Security and immigration at Narita were their usual breeze, with no more than a five-minute wait. When you fly in AirAsia’s Premium Flatbed class, you don’t have access to a lounge during your pre-boarding time, but for a roughly $330 premium, I feel it’s hardly worth complaining about.
Cabin and Premium Flatbed Seat
Our A330-300 airframe had just been delivered to the airline in April 2015 and still had that new-plane smell and a cabin that looked brand new. The Premium Flatbed cabin has two rows and 12 seats arranged in a 2-2-2 layout, each with 60 inches of pitch and 20 inches of width. Hard bulkheads separate it from the ‘”quiet zone” at the front of standard economy, and just prior to take-off, the curtains were closed.
I was a bit skeptical that these angle-flat seats would compare favorably to business-class seats on the major airlines, but as soon as I sat down, my first impression was positive — and I quickly set about familiarizing myself with its various positions, which could be controlled by a hand-held remote.
When in the upright position, I found plenty of legroom for my 6’1,” 235-pound frame in the first row. Sitting one row behind me, my wife and sister (though certainly smaller than me) also had no complaints about their legroom.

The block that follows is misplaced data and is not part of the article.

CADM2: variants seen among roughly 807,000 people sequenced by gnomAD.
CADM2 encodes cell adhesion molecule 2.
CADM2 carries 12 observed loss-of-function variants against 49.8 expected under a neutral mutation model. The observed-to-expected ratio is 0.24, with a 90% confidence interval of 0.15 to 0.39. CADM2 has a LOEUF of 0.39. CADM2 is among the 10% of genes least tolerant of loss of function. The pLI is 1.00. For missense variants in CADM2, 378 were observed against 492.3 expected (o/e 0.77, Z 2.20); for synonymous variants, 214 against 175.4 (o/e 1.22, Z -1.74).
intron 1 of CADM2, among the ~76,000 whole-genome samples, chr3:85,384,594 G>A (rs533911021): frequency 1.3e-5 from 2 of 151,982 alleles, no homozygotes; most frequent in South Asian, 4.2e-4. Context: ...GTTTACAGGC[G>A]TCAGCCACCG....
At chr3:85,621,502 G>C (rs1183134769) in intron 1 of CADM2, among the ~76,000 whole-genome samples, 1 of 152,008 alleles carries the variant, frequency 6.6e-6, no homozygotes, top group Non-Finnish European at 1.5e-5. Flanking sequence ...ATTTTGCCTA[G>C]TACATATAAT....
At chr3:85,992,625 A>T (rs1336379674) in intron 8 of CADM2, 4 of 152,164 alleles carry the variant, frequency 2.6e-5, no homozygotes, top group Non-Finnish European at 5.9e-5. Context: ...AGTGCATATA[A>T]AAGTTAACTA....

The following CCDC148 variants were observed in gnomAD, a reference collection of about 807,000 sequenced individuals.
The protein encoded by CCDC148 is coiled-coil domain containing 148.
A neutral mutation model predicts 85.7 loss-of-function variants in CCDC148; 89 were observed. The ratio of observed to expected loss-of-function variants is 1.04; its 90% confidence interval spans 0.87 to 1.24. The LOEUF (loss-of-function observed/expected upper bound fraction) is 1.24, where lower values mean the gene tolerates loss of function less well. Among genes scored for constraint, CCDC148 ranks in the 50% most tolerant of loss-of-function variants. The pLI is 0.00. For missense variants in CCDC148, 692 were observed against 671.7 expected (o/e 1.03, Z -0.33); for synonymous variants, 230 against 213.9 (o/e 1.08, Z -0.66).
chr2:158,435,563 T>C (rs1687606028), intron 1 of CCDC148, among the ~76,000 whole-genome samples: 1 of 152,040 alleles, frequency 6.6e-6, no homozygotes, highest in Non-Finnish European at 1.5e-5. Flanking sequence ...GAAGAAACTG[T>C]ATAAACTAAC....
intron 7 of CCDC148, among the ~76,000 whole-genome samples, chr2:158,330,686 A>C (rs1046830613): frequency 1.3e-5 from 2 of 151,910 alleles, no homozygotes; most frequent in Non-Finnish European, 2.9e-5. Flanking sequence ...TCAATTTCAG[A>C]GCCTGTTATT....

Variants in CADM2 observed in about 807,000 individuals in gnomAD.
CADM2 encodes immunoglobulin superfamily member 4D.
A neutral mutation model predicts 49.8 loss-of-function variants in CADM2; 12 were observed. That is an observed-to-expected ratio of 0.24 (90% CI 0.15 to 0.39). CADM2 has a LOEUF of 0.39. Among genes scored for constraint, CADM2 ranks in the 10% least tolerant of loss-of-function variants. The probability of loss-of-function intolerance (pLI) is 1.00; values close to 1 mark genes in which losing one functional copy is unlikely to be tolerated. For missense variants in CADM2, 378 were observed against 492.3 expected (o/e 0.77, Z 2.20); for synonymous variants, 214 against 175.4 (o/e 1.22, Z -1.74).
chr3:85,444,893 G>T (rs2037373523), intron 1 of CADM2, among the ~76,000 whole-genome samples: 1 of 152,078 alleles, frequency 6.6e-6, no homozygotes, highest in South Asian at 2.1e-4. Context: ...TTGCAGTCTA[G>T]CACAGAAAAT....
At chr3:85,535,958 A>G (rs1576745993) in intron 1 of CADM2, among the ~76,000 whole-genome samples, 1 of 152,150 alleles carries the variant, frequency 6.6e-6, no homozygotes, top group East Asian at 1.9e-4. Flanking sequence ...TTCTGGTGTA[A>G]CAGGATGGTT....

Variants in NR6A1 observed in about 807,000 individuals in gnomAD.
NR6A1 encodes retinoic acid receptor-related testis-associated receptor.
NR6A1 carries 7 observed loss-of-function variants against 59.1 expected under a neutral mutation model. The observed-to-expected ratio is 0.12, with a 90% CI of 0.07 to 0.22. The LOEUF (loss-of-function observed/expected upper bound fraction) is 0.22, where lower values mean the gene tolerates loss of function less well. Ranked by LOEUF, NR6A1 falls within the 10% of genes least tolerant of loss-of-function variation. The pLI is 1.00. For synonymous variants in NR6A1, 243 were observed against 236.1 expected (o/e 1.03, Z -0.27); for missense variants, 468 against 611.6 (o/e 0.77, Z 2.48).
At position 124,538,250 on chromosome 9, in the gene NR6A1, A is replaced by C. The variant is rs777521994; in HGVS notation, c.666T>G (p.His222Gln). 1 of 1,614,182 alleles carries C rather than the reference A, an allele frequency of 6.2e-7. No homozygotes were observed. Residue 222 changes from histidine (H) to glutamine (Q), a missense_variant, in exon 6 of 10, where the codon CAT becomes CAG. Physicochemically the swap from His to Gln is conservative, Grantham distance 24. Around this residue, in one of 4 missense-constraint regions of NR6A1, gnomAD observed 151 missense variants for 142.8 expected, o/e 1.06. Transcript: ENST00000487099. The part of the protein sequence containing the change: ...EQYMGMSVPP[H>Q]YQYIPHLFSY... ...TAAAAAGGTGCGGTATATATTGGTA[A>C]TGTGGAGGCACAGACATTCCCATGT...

There was almost no storage at my first-row seat, however — aside from a small cubby set just below the armrest.
The biggest drawback of the seats was the fact that their name, “Premium Flatbed,” falls short. For one, the seat’s 60-inch pitch isn’t exactly flat, and when fully extended, the bed length wasn’t quite long enough for me.
That said, I still found the seat comfortable for lounging, especially while letting my infant son nap on my chest. It sure as heck beat sitting in standard economy for seven hours!
Amenities and In-Flight Entertainment
Premium Flatbed didn’t offer an amenity kit, but there were toothbrush kits in the forward lavatory. We each received a pillow and blanket after settling in, which proved to be comfortable for the flight. The pillow was closer to normal size than many of the pea-sized pillows airlines hand out.